University of California, Los Angeles (UCLA) researchers have received a $13 million grant from the National Institutes of Health (NIH) to find new ways to overcome melanoma resistance to some of the most promising targeted therapies and immunotherapies. There have been significant advancements in the past decade using targeted therapies and immunotherapies for treating people with advanced types of this aggressive skin cancer, but the treatments still work only in some people. Tumors can—and often do—become resistant to these drugs.
“While these therapies have transformed the way people with melanoma are treated, only about 40% to 50% of people respond to the therapies, and that is not good enough,” said Antoni Ribas, MD, PhD, one of the principal investigators on the grant who is Professor of Medicine at the David Geffen School of Medicine at UCLA and Director of the Tumor Immunology Program at the UCLA Jonsson Comprehensive Cancer Center. The 5-year grant will allow researchers to investigate the biology of these therapies and will also fund clinical trials to develop new combination therapies to treat melanoma resistance.
Along with Dr. Ribas, Roger Lo, MD, PhD, Professor of Medicine and Director of the Melanoma Clinic in the UCLA Division of Dermatology, and Thomas Graeber, PhD, Professor of Molecular and Medical Pharmacology and Director of the UCLA Metabolomics Center, are leading the effort. The interdisciplinary research team, whose members have been collaborating for more than a decade, will be focusing on three translational research projects:
Understanding the Resistance of NRAS-Mutated Melanomas: Dr. Lo is investigating ways to block multiple resistance routes in melanomas with the NRAS gene mutation and to combine and sequence targeted therapies and immunotherapies. By characterizing and co-targeting genomic, epigenomic, proteomic, and immunologic alterations that resist therapies, the team will be able to reveal the landscape of resistance.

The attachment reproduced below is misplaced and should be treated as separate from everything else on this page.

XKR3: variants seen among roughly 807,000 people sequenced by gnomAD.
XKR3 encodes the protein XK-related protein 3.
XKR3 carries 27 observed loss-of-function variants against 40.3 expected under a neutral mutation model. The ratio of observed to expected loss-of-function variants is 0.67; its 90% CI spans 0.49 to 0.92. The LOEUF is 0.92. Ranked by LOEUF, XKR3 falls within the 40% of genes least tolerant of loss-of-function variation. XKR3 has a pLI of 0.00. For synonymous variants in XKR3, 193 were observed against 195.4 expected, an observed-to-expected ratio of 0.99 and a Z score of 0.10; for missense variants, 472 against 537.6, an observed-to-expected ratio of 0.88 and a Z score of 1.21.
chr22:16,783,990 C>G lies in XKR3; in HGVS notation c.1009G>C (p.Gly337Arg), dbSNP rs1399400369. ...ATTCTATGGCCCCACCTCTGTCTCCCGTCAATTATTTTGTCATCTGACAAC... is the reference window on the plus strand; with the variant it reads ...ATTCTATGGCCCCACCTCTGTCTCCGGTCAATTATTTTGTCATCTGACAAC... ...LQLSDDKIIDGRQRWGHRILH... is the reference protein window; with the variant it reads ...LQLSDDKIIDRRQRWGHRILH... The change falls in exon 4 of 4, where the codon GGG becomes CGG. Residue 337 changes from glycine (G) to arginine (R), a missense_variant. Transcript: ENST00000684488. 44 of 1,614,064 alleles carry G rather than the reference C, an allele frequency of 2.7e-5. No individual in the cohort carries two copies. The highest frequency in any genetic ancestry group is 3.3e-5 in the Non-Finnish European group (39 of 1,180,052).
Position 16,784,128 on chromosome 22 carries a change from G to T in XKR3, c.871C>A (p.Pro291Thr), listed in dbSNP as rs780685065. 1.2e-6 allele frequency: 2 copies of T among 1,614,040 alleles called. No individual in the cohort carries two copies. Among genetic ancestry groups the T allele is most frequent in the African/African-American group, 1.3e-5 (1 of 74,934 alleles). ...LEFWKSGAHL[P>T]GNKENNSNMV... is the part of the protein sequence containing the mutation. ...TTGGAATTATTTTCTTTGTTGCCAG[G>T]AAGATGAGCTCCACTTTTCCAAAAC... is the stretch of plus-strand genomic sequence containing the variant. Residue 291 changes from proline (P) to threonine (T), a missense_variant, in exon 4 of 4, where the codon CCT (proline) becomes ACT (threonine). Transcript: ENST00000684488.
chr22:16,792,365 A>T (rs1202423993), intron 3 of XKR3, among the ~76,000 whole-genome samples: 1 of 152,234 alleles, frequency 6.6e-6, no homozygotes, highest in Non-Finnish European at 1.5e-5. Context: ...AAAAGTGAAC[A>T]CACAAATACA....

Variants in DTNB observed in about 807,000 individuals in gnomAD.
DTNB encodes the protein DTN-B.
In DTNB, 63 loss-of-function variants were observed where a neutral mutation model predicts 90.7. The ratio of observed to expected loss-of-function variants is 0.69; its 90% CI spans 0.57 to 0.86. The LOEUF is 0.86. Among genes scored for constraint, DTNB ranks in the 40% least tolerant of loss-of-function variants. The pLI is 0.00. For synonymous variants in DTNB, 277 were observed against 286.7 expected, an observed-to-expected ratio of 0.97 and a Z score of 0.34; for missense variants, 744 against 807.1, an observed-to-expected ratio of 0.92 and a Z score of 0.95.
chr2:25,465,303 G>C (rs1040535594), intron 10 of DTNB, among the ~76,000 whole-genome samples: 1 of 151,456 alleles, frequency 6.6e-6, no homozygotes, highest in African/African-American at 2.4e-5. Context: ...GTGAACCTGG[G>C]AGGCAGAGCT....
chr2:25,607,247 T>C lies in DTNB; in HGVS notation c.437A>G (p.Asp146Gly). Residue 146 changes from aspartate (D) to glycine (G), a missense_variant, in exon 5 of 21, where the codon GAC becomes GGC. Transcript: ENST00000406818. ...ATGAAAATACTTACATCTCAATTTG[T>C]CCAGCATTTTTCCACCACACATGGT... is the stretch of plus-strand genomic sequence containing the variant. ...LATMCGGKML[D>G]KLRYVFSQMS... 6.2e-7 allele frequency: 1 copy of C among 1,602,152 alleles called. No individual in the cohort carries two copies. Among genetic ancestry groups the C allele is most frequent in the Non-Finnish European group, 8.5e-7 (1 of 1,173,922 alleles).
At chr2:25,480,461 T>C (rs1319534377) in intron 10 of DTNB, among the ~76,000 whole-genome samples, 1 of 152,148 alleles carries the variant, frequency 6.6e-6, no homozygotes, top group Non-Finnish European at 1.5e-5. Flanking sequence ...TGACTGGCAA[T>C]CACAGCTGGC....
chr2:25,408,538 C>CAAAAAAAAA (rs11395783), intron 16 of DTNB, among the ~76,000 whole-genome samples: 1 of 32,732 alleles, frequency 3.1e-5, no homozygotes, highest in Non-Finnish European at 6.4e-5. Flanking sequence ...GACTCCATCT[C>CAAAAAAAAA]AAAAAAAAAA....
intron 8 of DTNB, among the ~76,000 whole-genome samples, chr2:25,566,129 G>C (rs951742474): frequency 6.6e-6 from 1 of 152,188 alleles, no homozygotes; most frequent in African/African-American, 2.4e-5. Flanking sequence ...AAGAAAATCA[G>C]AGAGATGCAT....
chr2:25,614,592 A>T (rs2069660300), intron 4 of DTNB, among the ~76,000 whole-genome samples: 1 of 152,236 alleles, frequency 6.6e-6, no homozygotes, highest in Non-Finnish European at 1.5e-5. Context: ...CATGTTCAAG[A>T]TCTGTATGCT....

Targeting Ferroptosis to Block the De-differentiation Resistance Escape Route: One way cancers escape targeted treatments is to de-differentiate, or change the type of cell they are into an earlier stage of development. This change of identity allows the cells to be less dependent on the pathway that was otherwise being effectively targeted. Dr. Graeber is investigating cell subtypes that de-differentiate and have shown sensitivity to a type of self-inflicted cell death called ferroptosis, which can potentially block melanoma cells attempting to take this escape route. Using ferroptosis-inducing drugs in combination with current standard treatments could potentially strengthen the response rate.
Studying Resistance Mechanisms in PD-1 Blockade Immunotherapy: This project, led by Dr. Ribas, is looking at how interferon-gamma, an immune response–stimulating signaling molecule that helps activate immune cells, guides the treatment response in people with advanced melanoma who are treated with PD-1 blockade. Understanding how interferon-gamma genes work can potentially be used to predict a response to immunotherapy and for rationalizing new combination treatments that induce interferon signaling that can be used to treat more patients.